will remain pretty good, but I think they’re wrong.”
producers lock in prices now, at a higher level, before
they begin to fall.
extension economist in the Department of Agricultural
Economics at the University of Missouri-Columbia, is
bullish on the industry, at least for the next year
is good right now. We lost a lot of money raising hogs
in 2008, 2009, but we tightened the meat supply. While
production will increase from summer into fall, and
prices will fall, I expect to see production drop off
again in 2011 and prices go back up,” he said.
about 80 cents a pound for lean carcass weight and 61
cents a pound for live, he said, adding he expects carcass
prices to drop to about 70 cents in November and December,
with live prices dropping to about 52 cents.
making good money this summer and break even at the
end of the year,” he said.
the industry had in the last couple of years came at
a time when there were a lot of hogs, he said. “Lots
of things went wrong in 2008 and 2009. There were high
feed prices, and low demand due to the recession and
the ‘non-swine flu scare.’ But feed costs have moderated,
demand has picked back up and a lot of herds were downsized,
so there’s a lot less pork.”
116.5 million hogs were slaughtered in the U.S., Plain
said. This year, the forecast is for 109.65 million
hogs to be slaughtered, a decrease of 5.9 percent from
2008. While Plain is bullish for the next year or so,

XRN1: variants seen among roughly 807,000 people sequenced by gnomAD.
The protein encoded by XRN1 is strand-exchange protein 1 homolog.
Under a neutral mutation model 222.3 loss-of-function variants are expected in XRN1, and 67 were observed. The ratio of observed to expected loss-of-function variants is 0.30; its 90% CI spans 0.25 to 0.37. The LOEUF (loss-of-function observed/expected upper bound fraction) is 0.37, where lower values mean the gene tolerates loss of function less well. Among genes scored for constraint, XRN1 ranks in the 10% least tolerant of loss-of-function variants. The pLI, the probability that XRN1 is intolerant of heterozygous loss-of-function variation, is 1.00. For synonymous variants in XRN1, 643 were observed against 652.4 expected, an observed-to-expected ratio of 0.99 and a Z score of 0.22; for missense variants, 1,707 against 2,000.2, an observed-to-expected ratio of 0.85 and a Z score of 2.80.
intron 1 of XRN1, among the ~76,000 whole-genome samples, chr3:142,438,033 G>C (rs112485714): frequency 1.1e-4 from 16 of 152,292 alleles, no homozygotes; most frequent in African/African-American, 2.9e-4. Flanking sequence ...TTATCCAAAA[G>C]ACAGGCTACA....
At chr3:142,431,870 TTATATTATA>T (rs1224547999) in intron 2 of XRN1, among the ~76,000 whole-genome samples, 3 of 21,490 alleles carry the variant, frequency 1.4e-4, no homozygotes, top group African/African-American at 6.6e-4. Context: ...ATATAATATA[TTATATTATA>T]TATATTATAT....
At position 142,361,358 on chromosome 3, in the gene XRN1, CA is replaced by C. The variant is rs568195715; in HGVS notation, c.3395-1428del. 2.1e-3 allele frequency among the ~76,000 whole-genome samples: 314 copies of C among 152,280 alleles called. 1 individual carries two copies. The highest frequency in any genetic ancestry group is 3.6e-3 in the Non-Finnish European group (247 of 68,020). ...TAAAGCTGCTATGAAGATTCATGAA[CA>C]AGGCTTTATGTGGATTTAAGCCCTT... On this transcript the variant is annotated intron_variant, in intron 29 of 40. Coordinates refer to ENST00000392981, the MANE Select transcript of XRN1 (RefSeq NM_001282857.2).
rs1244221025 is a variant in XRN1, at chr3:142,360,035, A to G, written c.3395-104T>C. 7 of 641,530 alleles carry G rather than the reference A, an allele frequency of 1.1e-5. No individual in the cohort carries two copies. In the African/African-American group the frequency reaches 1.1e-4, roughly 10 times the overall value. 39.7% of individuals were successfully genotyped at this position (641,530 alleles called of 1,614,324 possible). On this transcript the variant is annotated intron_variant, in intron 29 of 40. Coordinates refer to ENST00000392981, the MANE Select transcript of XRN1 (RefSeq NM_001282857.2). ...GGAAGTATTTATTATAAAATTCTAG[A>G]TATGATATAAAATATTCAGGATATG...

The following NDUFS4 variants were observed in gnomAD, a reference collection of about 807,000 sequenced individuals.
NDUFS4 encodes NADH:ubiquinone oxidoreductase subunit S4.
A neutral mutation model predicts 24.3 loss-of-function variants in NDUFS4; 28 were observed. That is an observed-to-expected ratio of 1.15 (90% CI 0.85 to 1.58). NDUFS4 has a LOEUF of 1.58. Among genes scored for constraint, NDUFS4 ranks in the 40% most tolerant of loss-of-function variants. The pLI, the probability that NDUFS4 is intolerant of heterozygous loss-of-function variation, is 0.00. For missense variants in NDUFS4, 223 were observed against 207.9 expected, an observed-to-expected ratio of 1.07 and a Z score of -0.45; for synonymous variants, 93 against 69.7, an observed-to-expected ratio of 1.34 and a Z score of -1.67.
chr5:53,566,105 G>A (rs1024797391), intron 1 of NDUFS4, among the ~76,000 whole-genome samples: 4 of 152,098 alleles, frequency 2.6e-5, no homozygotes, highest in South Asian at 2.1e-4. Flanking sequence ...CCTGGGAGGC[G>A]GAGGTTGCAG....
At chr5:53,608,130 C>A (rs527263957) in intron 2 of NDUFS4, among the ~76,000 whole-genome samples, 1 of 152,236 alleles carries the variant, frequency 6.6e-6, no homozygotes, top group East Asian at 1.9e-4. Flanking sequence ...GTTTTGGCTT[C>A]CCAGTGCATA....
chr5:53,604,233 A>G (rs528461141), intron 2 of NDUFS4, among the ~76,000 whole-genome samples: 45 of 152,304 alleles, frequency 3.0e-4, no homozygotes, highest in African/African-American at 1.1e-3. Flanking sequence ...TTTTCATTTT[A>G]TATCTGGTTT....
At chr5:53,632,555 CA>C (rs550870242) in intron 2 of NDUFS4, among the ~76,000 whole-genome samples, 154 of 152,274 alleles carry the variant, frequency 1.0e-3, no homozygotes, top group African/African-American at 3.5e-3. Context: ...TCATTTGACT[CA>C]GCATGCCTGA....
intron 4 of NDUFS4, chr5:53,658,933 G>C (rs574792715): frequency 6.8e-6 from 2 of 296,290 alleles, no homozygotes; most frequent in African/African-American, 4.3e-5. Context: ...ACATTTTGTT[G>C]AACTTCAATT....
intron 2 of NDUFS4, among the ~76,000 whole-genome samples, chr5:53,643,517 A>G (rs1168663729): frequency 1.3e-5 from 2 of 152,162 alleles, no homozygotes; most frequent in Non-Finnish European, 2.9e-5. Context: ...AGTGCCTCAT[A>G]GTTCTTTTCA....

he said he expects changes by the second half of 2011
and into 2012.
said that pork producers can’t stand prosperity, so
when they make money for too long they decide to raise
more hogs,” he said.
numbers will start to go up in the second half of next
year and will increase significantly in 2012, he said,
adding he expects to see lower prices by 2012. The tariff
issue will cause Mexico to buy less pork from the U.S.,
a variety of products in hopes those industries would
put pressure on our government,” Plain explained. “You
don’t put a tariff on a product and keep buying more.
They’ll buy a little less, but I don’t see it falling
off the table by any means.
a lot of pork from us because we’re close. Others will
be glad to sell them pork. But with other countries,
it’s a question of if the tariff is high enough to offset
shipping costs from another country.”
tariff will cause an impact but it shouldn’t be a huge
one, said Shane Ellis, extension livestock economist
at Iowa State University. “It will be an issue, but
I’m not saying the sky is falling. It’s a little dip
in the road that may cause a little bit of a ripple,”
and U.S. producers will all be affected, he said, adding
consumers might have to pay a bit more for U.S. products.
in hogs over the last year or so will help the industry,
Ellis said. “The supply of pork will be down in the
fourth quarter, and we’ll have better prices and maintain
some profitability. Projections show it looks profitable
through the end of this year.”
are currently in the low 80s-cents per pound for lean
carcasses, and are projected to be in the upper 70s
in September and October, Ellis noted. He expects them
to run in the low 70s from November through January,
but expects them to increase to the mid-70s in early
spring, and to the mid-80s by June.
exports are up 8 percent over a year ago, he said, adding
exports will continue to look strong unless there’s
a global recession.